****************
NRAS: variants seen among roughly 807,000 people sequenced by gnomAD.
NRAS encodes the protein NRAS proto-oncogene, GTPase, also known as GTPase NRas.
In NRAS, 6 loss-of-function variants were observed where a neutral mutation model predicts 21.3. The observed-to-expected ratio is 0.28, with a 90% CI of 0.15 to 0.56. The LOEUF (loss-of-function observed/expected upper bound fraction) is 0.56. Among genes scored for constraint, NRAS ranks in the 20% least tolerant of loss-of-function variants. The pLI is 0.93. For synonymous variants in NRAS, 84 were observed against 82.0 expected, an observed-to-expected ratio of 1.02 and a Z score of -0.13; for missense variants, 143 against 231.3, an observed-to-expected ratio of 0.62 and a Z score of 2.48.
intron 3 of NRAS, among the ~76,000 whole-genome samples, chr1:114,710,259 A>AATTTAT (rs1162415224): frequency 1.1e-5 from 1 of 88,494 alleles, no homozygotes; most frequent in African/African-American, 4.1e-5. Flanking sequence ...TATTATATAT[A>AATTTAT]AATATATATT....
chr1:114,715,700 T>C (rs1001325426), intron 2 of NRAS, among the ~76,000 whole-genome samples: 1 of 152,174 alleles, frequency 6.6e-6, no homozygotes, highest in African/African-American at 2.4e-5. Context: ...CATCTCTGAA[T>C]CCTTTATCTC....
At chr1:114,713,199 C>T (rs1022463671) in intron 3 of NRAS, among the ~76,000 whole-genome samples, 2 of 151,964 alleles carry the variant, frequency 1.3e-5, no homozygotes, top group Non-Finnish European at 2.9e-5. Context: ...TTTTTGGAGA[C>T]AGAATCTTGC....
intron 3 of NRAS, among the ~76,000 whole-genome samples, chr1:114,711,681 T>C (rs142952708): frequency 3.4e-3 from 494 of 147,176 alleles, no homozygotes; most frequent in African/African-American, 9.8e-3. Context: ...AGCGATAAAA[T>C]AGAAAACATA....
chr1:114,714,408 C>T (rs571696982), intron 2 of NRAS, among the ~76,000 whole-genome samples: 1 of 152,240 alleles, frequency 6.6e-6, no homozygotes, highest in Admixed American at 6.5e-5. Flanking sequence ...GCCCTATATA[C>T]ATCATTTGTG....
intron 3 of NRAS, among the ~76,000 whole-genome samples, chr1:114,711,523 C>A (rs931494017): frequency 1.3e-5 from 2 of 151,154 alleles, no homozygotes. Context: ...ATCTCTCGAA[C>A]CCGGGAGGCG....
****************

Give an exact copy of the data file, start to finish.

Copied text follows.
NRAS: variants seen among roughly 807,000 people sequenced by gnomAD.
NRAS encodes the protein NRAS proto-oncogene, GTPase, also known as GTPase NRas.
In NRAS, 6 loss-of-function variants were observed where a neutral mutation model predicts 21.3. The observed-to-expected ratio is 0.28, with a 90% CI of 0.15 to 0.56. The LOEUF (loss-of-function observed/expected upper bound fraction) is 0.56. Among genes scored for constraint, NRAS ranks in the 20% least tolerant of loss-of-function variants. The pLI is 0.93. For synonymous variants in NRAS, 84 were observed against 82.0 expected, an observed-to-expected ratio of 1.02 and a Z score of -0.13; for missense variants, 143 against 231.3, an observed-to-expected ratio of 0.62 and a Z score of 2.48.
intron 3 of NRAS, among the ~76,000 whole-genome samples, chr1:114,710,259 A>AATTTAT (rs1162415224): frequency 1.1e-5 from 1 of 88,494 alleles, no homozygotes; most frequent in African/African-American, 4.1e-5. Flanking sequence ...TATTATATAT[A>AATTTAT]AATATATATT....
chr1:114,715,700 T>C (rs1001325426), intron 2 of NRAS, among the ~76,000 whole-genome samples: 1 of 152,174 alleles, frequency 6.6e-6, no homozygotes, highest in African/African-American at 2.4e-5. Context: ...CATCTCTGAA[T>C]CCTTTATCTC....
At chr1:114,713,199 C>T (rs1022463671) in intron 3 of NRAS, among the ~76,000 whole-genome samples, 2 of 151,964 alleles carry the variant, frequency 1.3e-5, no homozygotes, top group Non-Finnish European at 2.9e-5. Context: ...TTTTTGGAGA[C>T]AGAATCTTGC....
intron 3 of NRAS, among the ~76,000 whole-genome samples, chr1:114,711,681 T>C (rs142952708): frequency 3.4e-3 from 494 of 147,176 alleles, no homozygotes; most frequent in African/African-American, 9.8e-3. Context: ...AGCGATAAAA[T>C]AGAAAACATA....
chr1:114,714,408 C>T (rs571696982), intron 2 of NRAS, among the ~76,000 whole-genome samples: 1 of 152,240 alleles, frequency 6.6e-6, no homozygotes, highest in Admixed American at 6.5e-5. Flanking sequence ...GCCCTATATA[C>T]ATCATTTGTG....
intron 3 of NRAS, among the ~76,000 whole-genome samples, chr1:114,711,523 C>A (rs931494017): frequency 1.3e-5 from 2 of 151,154 alleles, no homozygotes. Context: ...ATCTCTCGAA[C>A]CCGGGAGGCG....